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  • Reynolds-Alberta Museum

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    The Reynolds-Alberta Museum, in Wetaskiwin, Alberta, Canada is one of 19 provincially owned and operated historic sites and museums. It traces the mechanization of Alberta's transportation, aviation, agricultural, and industrial past from the 1890s to present, as cars and trucks replaced horse-drawn buggies and wagons, huge factories replaced the village blacksmith shop, and mechanized equipment replaced animal and human-powered farm implements. The stories told by each exhibit reveal how the daily lives of Albertans were affected during this period of rapid change. The Main Gallery is designed as a "highway through time", beginning with a horse-drawn carriage of the late 19th century and featuring four stations; a 1911 factory, a 1920s grain elevator, a 1930s service station, and a 1950s drive-in. The centre of the gallery has artifacts and displays that showcase agriculture through the four seasons of the year. Reynold-Alberta Museum Collection - Fleet Fawn The museum spaces include a cafe, meeting rooms, exhibition display areas, 120 seat theatre, museum store, Resource Centre (non-lending library), Restoration Shop and Conservation Lab.

  • Crosley

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    Crosley's all-steel Wagons were their best sellers (1947–1952) The Crosley Hotshot, introduced in 1949, was America's first post-war sportscarCrosley was a small, independent American manufacturer of subcompact cars, bordering on microcars. At first called the Crosley Corporation and later Crosley Motors Incorporated, the Cincinnati, Ohio, firm was active from 1939 to 1952, interrupted by World War II production. Their station wagons were the most popular model, but also offered were sedans, pickups, convertibles, a sports car, and even a tiny jeep-like vehicle. For export, the cars were badged Crosmobile. Crosley introduced several "firsts" in American automotive history, including the first affordable, mass-market car with an overhead camshaft engine in 1946; the first use of the term 'Sport(s-) Utility' in 1947, for a 1948 model year convertible wagon; and the first American cars to be fitted with 4-wheel caliper type disc brakes, as well as America's first post-war sports car, the Hotshot, in the 1949 model year. All of Crosley's models were lightweight () body-on-frame cars with rigid axles front and rear, and engines with less than displacement.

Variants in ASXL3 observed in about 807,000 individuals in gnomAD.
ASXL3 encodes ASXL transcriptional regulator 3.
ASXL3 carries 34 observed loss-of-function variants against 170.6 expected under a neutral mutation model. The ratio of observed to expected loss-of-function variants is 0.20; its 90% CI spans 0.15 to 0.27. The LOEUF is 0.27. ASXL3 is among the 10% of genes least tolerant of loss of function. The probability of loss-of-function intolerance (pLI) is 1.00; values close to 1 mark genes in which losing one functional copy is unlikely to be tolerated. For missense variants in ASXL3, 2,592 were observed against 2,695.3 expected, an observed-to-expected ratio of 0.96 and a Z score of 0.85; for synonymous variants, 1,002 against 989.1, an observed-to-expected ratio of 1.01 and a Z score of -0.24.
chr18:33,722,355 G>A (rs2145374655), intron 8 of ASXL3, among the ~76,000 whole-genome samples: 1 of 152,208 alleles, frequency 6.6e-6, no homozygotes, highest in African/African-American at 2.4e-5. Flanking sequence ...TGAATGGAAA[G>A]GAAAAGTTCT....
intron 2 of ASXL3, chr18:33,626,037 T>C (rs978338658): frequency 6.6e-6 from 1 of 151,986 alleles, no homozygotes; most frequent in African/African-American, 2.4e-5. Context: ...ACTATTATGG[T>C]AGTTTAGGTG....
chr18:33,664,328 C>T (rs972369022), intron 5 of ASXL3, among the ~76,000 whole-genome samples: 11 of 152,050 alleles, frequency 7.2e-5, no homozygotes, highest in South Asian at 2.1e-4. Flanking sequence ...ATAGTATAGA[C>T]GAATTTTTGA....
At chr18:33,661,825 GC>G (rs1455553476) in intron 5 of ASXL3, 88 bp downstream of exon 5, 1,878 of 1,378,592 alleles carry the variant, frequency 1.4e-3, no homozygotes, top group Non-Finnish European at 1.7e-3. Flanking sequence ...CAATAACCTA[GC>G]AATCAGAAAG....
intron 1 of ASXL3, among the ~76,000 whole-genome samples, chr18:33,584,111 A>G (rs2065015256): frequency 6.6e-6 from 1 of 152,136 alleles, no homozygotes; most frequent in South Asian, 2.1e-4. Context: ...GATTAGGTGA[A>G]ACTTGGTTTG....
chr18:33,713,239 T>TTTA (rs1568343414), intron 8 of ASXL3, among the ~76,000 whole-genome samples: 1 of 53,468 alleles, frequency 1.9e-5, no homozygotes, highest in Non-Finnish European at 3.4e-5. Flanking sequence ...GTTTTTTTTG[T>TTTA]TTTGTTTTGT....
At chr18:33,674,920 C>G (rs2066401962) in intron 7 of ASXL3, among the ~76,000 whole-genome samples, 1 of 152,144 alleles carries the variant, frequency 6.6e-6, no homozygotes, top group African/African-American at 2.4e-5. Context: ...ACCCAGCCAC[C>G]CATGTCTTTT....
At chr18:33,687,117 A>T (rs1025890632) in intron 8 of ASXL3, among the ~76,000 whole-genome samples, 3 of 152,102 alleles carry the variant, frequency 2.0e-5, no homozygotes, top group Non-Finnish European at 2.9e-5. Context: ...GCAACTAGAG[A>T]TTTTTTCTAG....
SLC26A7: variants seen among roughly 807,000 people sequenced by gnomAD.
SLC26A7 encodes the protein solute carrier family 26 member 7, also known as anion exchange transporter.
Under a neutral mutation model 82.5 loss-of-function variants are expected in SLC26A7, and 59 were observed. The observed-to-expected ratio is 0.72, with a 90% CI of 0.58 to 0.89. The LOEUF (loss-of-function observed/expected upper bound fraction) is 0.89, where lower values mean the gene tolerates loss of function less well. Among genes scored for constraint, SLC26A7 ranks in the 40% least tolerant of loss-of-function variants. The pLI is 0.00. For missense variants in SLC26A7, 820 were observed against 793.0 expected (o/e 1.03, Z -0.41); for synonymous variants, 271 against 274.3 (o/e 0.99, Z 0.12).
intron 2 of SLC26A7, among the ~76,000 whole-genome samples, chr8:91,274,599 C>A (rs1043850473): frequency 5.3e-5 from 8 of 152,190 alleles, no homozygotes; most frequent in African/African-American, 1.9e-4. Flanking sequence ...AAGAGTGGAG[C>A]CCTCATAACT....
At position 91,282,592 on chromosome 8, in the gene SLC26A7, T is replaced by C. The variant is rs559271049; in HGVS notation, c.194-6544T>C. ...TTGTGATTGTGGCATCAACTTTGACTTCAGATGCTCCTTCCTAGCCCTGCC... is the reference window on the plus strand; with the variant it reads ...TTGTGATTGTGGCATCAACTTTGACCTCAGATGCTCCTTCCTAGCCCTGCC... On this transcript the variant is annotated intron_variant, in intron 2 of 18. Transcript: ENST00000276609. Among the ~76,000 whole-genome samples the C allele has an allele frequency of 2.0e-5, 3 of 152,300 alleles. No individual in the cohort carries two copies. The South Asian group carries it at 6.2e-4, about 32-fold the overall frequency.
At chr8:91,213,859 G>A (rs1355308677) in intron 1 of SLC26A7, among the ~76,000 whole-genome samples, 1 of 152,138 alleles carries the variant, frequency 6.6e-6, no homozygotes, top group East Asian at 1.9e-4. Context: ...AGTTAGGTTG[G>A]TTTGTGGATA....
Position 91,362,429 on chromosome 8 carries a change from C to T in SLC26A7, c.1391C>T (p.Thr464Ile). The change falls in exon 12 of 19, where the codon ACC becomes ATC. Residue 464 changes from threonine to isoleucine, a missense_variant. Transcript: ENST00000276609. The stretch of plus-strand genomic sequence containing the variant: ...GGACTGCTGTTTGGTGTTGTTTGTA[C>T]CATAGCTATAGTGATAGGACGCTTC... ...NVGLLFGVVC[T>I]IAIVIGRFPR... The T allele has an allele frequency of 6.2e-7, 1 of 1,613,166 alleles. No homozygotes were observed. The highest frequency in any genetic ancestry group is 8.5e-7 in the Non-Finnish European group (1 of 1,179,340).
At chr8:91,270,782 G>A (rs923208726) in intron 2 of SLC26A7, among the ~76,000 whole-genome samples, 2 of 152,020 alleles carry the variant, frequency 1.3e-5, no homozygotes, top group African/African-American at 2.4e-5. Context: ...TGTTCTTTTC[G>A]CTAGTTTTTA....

• Compression release

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    A compression release mechanism works to ease the starting of internal combustion engines by allowing them to spin up to starting speed without having to work against the pumping action of the pistons. It does this through a release valve that is incorporated within the cylinder head that vents the cylinder pressure to the outside atmosphere until the engine has sufficient momentum to overcome it. At that point the valve closes and the ignition is engaged.

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